Sunday, June 17, 2007

Anti-PC Travel

Over at the new Computational Geometry Discussion Forum, they are discussing program committees, and Ileana Streinu argues that every PC should have a face to face meeting for final decisions. I couldn't disagree more.

Academic life involves a significant amount of necessary travel -- conferences, talks, NSF meetings, research collaborations. Requiring travel for a PC should be avoided, especially these days when any air travel is an unpleasant hassle, and electronic PC tools (like easychair) are becoming reasonably good. My other main objections:
  1. Travel wastes PC members' time. For people with families, the cost is particularly severe, as overnight travel specifically takes away from family time.
  2. PC travel costs. It either increases the cost of the conference, or PC members have to pay with their own grant money.
  3. Extra air travel is ostensibly bad for the environment. Be aware of your carbon footprint!
What are the supposed benefits of face-to-face PC meetings, and how to respond to them?
  1. It leads to better decisions. This seems to be a matter of faith with some people, but I have seen no real evidence for it. In my experience, online discussions can be as good as face-to-face discussions. In both cases, there are various types of noise, and decisions will not be perfect, but hopefully nearly so.
  2. It saves time, by gathering people all in the same room to make decisions. Given the time required for actual travel, I doubt this is true. Even granting this, it isn't worth the loss in time flexibility. Getting on a plane means missing class, family dinners, etc.
  3. It leads to better feedback. I do not see how this can be possible. Electronic PC meetings allow recording of comments and discussions, which should make it easier to provide better feedback, in the form of appropriate cuts and pastes, in the reviews to the authors.
  4. It provides an opportunity for colleagues to get together. This I can't deny. Face-to-face PC meetings are usually more fun and informative than electronic ones. Does that really make up for the time/cost/annoyance of travel?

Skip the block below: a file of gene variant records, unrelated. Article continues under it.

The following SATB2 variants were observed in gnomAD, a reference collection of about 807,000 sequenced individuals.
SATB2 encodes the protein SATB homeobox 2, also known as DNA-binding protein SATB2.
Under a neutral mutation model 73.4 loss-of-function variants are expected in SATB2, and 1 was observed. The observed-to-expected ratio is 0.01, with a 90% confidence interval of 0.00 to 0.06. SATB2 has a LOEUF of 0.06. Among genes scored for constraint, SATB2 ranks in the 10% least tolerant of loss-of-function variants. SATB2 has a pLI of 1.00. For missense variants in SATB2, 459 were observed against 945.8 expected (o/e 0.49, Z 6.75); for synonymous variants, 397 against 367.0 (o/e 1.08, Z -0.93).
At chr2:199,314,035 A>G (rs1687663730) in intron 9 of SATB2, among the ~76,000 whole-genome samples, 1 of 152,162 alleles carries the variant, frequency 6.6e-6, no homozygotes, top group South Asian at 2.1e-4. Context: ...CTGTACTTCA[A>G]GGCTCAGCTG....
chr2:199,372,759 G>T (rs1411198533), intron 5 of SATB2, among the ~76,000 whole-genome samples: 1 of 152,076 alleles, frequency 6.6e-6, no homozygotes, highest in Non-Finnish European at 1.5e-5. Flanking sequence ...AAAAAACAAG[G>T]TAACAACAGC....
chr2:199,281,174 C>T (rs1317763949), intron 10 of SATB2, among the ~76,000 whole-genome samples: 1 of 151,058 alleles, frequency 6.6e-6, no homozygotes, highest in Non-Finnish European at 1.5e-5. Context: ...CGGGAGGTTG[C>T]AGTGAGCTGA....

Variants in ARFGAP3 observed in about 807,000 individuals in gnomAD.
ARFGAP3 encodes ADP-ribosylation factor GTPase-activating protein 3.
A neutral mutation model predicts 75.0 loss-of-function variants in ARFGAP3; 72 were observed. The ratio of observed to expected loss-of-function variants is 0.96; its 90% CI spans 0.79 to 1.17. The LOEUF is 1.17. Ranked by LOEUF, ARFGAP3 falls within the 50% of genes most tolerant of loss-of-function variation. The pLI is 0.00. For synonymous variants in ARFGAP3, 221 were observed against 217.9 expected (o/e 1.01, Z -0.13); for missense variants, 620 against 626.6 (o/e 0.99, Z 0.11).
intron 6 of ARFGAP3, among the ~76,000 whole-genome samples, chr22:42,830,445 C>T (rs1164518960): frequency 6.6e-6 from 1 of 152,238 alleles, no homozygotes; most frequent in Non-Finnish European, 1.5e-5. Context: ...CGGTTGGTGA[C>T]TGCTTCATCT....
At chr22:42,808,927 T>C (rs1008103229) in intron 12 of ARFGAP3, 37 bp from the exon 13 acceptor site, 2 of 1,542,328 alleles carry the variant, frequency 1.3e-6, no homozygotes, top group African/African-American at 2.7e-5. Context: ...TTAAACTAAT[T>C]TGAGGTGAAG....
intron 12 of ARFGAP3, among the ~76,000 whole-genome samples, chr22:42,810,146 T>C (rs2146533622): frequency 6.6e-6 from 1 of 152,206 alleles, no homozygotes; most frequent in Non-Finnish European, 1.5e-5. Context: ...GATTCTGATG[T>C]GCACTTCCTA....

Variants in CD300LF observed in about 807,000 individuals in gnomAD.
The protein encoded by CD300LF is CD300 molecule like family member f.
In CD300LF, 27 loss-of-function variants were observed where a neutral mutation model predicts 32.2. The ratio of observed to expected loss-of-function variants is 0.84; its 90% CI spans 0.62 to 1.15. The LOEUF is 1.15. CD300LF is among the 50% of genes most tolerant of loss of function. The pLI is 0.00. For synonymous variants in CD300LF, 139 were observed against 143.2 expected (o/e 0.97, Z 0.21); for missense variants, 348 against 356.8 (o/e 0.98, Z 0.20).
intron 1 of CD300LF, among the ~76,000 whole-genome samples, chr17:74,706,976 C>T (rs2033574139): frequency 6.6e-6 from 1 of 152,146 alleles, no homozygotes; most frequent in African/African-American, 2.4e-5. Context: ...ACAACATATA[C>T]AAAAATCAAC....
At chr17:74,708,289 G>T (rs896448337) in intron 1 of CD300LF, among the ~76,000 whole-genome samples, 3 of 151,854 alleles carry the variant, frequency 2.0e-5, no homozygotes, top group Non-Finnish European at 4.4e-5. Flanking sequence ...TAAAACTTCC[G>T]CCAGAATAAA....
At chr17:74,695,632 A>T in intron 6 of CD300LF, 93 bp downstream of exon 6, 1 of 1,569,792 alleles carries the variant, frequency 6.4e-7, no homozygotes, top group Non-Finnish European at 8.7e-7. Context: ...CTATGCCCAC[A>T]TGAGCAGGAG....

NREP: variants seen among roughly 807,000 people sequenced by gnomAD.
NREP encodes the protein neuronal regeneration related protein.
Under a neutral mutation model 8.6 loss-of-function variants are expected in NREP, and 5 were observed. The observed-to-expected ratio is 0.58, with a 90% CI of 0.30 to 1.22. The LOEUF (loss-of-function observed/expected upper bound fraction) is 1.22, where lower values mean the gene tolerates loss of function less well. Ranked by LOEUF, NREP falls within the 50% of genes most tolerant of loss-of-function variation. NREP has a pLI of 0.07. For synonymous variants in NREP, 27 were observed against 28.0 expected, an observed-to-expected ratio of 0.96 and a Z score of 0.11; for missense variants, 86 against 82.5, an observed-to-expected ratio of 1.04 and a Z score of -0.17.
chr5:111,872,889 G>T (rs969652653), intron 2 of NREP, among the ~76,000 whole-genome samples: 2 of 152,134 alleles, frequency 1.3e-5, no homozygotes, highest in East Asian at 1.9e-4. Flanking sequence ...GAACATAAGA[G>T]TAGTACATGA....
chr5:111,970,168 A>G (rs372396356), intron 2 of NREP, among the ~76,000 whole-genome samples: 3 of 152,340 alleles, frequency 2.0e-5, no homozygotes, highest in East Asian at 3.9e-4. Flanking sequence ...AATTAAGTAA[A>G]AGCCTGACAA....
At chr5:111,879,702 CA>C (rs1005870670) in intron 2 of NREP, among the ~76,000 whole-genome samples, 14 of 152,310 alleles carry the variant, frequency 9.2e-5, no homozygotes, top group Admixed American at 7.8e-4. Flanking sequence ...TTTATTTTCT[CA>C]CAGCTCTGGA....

So in general, if a face-to-face PC meeting is required, I'll likely be saying no, unless I have some ulterior motive that makes the travel worthwhile.


Luca Aceto said...


I think that your assessment of the relative merits of electronic and physical PC meetings is well balanced. I basically agree with it wholeheartedly.

As far as feedback to the authors is concerned, I believe that electronic PC meetings provide a much better record of the discussions related to a paper, and make it easier for the PC chairs and PC members to update their reviews to take into account the issues/suggestions that were raised. IMHO, it is not rare to see very valuable comments emerge from the PC discussion, and the use of any framework that makes these comments available to the authors should be encouraged.

Sure, an electronic PC meeting is longer than a physical one. However, it is certainly less disruptive than a physical PC meeting taking place in a far-away location.


P.S. Welcome to the ICALP 2008 PC for track A.

Anonymous said...

Is it not possible to combine the benefits of face-to-face communication and electronic discussion by a video conference? The technical media needed for this should be mostly available, aren't they? I don't know, but I think it should be not to hard to record video conference meetings for later purposes.


edwardahirsch said...

After attending a physical PC meeting (of ESA), I can say that physical meeting stimulate more discussions and urge the PC members to produce comments where they would keep silence in the other case. It is possible to ask whether anyone verified Lemma X.Y and get the answer. It is also possible to have in some cases an opinion of those PC members who do not have the paper in their assignment.

On the other hand, indeed some noise is introduced by the time constraints for decision.